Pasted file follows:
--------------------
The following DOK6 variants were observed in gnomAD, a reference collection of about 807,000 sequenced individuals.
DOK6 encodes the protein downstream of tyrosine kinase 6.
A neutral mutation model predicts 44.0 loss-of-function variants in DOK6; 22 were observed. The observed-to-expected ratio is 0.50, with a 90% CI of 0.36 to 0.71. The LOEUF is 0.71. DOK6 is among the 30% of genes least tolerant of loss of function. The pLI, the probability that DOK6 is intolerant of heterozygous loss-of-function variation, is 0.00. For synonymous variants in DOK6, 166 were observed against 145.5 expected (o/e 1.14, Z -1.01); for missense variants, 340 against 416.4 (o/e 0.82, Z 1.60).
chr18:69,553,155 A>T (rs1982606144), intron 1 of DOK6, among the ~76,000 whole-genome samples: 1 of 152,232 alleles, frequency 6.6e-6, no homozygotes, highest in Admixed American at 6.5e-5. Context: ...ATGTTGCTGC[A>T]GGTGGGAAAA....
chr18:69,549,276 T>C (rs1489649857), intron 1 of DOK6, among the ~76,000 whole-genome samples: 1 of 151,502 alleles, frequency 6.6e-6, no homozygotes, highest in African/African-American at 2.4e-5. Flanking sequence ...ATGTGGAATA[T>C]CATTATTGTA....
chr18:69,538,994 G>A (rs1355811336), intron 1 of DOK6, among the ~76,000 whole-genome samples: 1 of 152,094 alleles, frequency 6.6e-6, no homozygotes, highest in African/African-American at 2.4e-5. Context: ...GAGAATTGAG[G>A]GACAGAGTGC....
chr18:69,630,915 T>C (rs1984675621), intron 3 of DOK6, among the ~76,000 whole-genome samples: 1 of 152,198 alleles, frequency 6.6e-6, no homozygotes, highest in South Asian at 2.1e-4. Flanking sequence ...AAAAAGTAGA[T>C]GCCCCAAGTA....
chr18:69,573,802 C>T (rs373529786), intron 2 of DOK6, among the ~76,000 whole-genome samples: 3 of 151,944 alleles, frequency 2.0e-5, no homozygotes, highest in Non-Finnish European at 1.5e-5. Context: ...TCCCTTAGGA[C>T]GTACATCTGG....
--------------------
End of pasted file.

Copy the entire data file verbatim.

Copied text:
The following DOK6 variants were observed in gnomAD, a reference collection of about 807,000 sequenced individuals.
DOK6 encodes the protein downstream of tyrosine kinase 6.
A neutral mutation model predicts 44.0 loss-of-function variants in DOK6; 22 were observed. The observed-to-expected ratio is 0.50, with a 90% CI of 0.36 to 0.71. The LOEUF is 0.71. DOK6 is among the 30% of genes least tolerant of loss of function. The pLI, the probability that DOK6 is intolerant of heterozygous loss-of-function variation, is 0.00. For synonymous variants in DOK6, 166 were observed against 145.5 expected (o/e 1.14, Z -1.01); for missense variants, 340 against 416.4 (o/e 0.82, Z 1.60).
chr18:69,553,155 A>T (rs1982606144), intron 1 of DOK6, among the ~76,000 whole-genome samples: 1 of 152,232 alleles, frequency 6.6e-6, no homozygotes, highest in Admixed American at 6.5e-5. Context: ...ATGTTGCTGC[A>T]GGTGGGAAAA....
chr18:69,549,276 T>C (rs1489649857), intron 1 of DOK6, among the ~76,000 whole-genome samples: 1 of 151,502 alleles, frequency 6.6e-6, no homozygotes, highest in African/African-American at 2.4e-5. Flanking sequence ...ATGTGGAATA[T>C]CATTATTGTA....
chr18:69,538,994 G>A (rs1355811336), intron 1 of DOK6, among the ~76,000 whole-genome samples: 1 of 152,094 alleles, frequency 6.6e-6, no homozygotes, highest in African/African-American at 2.4e-5. Context: ...GAGAATTGAG[G>A]GACAGAGTGC....
chr18:69,630,915 T>C (rs1984675621), intron 3 of DOK6, among the ~76,000 whole-genome samples: 1 of 152,198 alleles, frequency 6.6e-6, no homozygotes, highest in South Asian at 2.1e-4. Flanking sequence ...AAAAAGTAGA[T>C]GCCCCAAGTA....
chr18:69,573,802 C>T (rs373529786), intron 2 of DOK6, among the ~76,000 whole-genome samples: 3 of 151,944 alleles, frequency 2.0e-5, no homozygotes, highest in Non-Finnish European at 1.5e-5. Context: ...TCCCTTAGGA[C>T]GTACATCTGG....